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Conventions of Square Roots

Date: 11/24/98 at 17:00:35
From: Andrew
Subject: Square Roots

On a review problem in my Sequential 3A math class, I had the square 
root of 81 equals positive or negative 9. My math teacher said it was 
wrong, that if there is no negative before the whole square root 
problem, only the positive answer is wanted. Who is right?


Date: 11/24/98 at 17:56:58
From: Doctor Pat
Subject: Re: Square Roots


The convention in mathematics is that x^2 = 81 has two solutions, 
x = 9 or x = -9, but when we take the square root of a value, we want 
the principal square root. For real numbers, that is the positive 

It is important that you know that there are two values that may be 
squared to give every real number (even the negatives), but it is also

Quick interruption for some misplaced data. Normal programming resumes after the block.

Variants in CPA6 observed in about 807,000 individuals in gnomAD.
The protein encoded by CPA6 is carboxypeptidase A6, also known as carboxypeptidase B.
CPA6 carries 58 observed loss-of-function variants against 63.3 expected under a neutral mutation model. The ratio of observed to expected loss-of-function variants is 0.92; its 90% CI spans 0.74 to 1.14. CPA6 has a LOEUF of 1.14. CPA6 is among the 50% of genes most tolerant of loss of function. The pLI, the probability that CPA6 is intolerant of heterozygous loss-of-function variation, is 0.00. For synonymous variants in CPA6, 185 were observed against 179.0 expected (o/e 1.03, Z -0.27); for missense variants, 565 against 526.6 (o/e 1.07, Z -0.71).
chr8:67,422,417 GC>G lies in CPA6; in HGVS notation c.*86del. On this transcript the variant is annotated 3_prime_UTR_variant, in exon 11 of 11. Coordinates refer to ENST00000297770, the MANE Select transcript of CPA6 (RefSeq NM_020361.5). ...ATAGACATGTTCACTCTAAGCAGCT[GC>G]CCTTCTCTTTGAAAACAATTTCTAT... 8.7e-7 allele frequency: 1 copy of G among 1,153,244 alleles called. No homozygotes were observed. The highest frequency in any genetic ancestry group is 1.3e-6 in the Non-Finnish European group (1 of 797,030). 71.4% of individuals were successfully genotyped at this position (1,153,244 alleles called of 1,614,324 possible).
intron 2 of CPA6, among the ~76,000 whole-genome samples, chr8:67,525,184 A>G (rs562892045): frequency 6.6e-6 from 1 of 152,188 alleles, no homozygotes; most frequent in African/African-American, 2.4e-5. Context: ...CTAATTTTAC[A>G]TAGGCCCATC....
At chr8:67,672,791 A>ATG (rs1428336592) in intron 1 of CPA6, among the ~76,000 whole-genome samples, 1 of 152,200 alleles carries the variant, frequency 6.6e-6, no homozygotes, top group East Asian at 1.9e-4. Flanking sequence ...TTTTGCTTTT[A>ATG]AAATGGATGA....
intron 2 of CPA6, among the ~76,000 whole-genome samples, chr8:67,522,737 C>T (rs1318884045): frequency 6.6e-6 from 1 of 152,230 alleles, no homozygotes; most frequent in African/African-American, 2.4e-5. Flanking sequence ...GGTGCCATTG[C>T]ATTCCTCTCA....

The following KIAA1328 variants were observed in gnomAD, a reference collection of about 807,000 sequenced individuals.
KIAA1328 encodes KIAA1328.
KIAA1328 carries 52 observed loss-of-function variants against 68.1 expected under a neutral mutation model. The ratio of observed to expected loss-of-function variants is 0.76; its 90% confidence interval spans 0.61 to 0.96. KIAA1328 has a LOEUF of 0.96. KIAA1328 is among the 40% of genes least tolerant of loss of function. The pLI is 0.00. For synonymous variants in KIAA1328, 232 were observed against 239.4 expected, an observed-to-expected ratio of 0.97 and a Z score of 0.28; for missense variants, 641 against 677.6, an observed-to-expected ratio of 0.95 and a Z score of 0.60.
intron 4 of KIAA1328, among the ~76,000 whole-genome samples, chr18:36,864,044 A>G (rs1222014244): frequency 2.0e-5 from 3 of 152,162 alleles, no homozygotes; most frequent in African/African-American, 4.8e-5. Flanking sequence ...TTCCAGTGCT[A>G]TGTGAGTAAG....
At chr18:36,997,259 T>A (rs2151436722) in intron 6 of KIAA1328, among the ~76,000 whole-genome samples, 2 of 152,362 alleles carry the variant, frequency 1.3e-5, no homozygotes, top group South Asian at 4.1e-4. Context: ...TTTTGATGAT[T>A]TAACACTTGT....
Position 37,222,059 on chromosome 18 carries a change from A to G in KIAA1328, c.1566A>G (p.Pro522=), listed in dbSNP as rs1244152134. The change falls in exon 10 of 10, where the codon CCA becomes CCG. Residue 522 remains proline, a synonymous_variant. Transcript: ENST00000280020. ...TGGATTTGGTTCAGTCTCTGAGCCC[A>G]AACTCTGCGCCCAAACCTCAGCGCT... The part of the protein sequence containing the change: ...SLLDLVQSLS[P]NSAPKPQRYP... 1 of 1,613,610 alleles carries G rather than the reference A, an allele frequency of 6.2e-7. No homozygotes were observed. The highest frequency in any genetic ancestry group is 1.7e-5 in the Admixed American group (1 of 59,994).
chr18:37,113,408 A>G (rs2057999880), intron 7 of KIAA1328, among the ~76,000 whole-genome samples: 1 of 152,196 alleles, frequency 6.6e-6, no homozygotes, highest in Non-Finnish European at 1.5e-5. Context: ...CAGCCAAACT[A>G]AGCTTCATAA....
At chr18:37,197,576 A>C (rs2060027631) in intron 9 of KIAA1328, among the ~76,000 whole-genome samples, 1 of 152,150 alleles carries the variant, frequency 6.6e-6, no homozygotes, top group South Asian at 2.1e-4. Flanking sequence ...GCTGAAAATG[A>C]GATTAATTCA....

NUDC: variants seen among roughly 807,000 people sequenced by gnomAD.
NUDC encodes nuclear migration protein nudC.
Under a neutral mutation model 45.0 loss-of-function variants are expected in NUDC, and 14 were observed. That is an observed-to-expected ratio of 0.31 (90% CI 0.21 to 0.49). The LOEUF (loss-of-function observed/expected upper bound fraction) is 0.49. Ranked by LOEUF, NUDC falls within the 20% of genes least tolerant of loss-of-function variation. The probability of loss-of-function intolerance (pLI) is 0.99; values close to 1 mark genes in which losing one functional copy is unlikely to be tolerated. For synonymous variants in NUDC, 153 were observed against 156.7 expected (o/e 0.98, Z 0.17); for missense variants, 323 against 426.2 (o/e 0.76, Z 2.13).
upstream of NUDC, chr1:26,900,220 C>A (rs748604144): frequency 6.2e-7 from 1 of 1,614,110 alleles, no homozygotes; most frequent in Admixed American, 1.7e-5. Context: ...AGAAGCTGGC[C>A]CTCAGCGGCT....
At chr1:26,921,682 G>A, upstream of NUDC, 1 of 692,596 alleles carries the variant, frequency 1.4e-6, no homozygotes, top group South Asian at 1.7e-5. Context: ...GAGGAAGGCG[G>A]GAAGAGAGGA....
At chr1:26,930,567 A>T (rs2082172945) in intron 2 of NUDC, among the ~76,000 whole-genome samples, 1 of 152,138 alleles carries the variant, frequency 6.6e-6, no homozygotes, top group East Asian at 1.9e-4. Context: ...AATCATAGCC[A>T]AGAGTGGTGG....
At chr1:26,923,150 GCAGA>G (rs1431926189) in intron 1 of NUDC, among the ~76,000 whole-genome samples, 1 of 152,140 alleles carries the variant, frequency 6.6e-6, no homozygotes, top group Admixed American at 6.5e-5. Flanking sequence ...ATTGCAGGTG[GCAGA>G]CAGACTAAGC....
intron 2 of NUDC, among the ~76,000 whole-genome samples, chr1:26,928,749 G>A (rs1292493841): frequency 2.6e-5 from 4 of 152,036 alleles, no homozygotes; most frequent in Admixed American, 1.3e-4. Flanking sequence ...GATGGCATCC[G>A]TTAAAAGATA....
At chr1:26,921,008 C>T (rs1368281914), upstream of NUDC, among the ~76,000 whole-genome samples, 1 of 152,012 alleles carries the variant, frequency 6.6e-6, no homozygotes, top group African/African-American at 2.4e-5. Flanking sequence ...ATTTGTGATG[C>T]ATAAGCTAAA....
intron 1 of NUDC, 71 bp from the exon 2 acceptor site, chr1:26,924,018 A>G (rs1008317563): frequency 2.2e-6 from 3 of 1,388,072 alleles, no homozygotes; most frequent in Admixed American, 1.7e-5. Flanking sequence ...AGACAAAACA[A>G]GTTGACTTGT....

important that you understand that we may want to make a distinction 
between all the particular roots of an equation, and the request to 
give a particular solution. Your teacher clearly wants you to give the 
positive square root of the value when the square root symbol is used. 

If situations come up in which there is ambiguity, we need to develop a 
mutual consent between us as to how we would use certain symbols; 
otherwise no one would know what I wanted when I wrote 3x4 because you 
would be unsure what I intended the symbol x to represent. You accept 
those conventions every day without thinking. You assume problems are 
in base ten form unless otherwise stated, for example, and that ratios 
are written with the numerator on top. But once it was common to write 
3.4 for 3/4. 

Hope this helps.  

- Doctor Pat, The Math Forum   
Associated Topics:
Middle School Square Roots

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